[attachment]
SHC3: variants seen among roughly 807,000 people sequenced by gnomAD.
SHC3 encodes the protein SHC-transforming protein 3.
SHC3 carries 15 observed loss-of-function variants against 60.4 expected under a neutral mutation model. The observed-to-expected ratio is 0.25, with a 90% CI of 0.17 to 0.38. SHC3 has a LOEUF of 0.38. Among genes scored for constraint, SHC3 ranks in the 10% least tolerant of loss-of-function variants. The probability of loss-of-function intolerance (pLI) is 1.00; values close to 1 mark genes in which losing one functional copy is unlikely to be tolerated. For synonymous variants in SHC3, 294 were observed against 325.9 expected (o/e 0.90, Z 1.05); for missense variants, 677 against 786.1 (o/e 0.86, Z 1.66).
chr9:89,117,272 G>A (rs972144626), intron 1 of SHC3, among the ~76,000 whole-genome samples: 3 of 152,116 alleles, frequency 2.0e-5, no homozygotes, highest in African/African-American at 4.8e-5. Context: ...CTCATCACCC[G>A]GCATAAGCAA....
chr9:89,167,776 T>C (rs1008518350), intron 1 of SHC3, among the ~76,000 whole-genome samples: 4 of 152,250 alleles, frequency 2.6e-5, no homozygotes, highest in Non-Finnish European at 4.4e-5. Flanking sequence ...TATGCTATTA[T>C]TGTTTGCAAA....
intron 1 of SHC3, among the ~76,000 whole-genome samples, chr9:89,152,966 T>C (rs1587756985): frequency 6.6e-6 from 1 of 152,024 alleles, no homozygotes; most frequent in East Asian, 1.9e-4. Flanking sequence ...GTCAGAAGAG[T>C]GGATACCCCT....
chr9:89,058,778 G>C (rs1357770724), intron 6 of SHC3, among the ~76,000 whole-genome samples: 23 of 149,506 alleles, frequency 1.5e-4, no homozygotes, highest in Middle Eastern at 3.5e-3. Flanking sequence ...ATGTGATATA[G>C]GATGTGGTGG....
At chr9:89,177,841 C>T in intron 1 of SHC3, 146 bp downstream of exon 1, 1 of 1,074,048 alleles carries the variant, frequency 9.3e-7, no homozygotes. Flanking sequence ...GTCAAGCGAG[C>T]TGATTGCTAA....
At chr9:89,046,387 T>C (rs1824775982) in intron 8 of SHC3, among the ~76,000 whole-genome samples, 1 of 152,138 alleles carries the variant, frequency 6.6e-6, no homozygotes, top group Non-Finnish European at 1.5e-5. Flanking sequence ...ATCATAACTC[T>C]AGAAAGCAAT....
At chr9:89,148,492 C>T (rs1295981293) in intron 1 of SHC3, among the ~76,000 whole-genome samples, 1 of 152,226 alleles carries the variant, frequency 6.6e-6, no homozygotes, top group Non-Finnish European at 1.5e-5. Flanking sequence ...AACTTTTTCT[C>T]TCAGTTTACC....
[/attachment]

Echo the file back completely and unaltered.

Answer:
SHC3: variants seen among roughly 807,000 people sequenced by gnomAD.
SHC3 encodes the protein SHC-transforming protein 3.
SHC3 carries 15 observed loss-of-function variants against 60.4 expected under a neutral mutation model. The observed-to-expected ratio is 0.25, with a 90% CI of 0.17 to 0.38. SHC3 has a LOEUF of 0.38. Among genes scored for constraint, SHC3 ranks in the 10% least tolerant of loss-of-function variants. The probability of loss-of-function intolerance (pLI) is 1.00; values close to 1 mark genes in which losing one functional copy is unlikely to be tolerated. For synonymous variants in SHC3, 294 were observed against 325.9 expected (o/e 0.90, Z 1.05); for missense variants, 677 against 786.1 (o/e 0.86, Z 1.66).
chr9:89,117,272 G>A (rs972144626), intron 1 of SHC3, among the ~76,000 whole-genome samples: 3 of 152,116 alleles, frequency 2.0e-5, no homozygotes, highest in African/African-American at 4.8e-5. Context: ...CTCATCACCC[G>A]GCATAAGCAA....
chr9:89,167,776 T>C (rs1008518350), intron 1 of SHC3, among the ~76,000 whole-genome samples: 4 of 152,250 alleles, frequency 2.6e-5, no homozygotes, highest in Non-Finnish European at 4.4e-5. Flanking sequence ...TATGCTATTA[T>C]TGTTTGCAAA....
intron 1 of SHC3, among the ~76,000 whole-genome samples, chr9:89,152,966 T>C (rs1587756985): frequency 6.6e-6 from 1 of 152,024 alleles, no homozygotes; most frequent in East Asian, 1.9e-4. Flanking sequence ...GTCAGAAGAG[T>C]GGATACCCCT....
chr9:89,058,778 G>C (rs1357770724), intron 6 of SHC3, among the ~76,000 whole-genome samples: 23 of 149,506 alleles, frequency 1.5e-4, no homozygotes, highest in Middle Eastern at 3.5e-3. Flanking sequence ...ATGTGATATA[G>C]GATGTGGTGG....
At chr9:89,177,841 C>T in intron 1 of SHC3, 146 bp downstream of exon 1, 1 of 1,074,048 alleles carries the variant, frequency 9.3e-7, no homozygotes. Flanking sequence ...GTCAAGCGAG[C>T]TGATTGCTAA....
At chr9:89,046,387 T>C (rs1824775982) in intron 8 of SHC3, among the ~76,000 whole-genome samples, 1 of 152,138 alleles carries the variant, frequency 6.6e-6, no homozygotes, top group Non-Finnish European at 1.5e-5. Flanking sequence ...ATCATAACTC[T>C]AGAAAGCAAT....
At chr9:89,148,492 C>T (rs1295981293) in intron 1 of SHC3, among the ~76,000 whole-genome samples, 1 of 152,226 alleles carries the variant, frequency 6.6e-6, no homozygotes, top group Non-Finnish European at 1.5e-5. Flanking sequence ...AACTTTTTCT[C>T]TCAGTTTACC....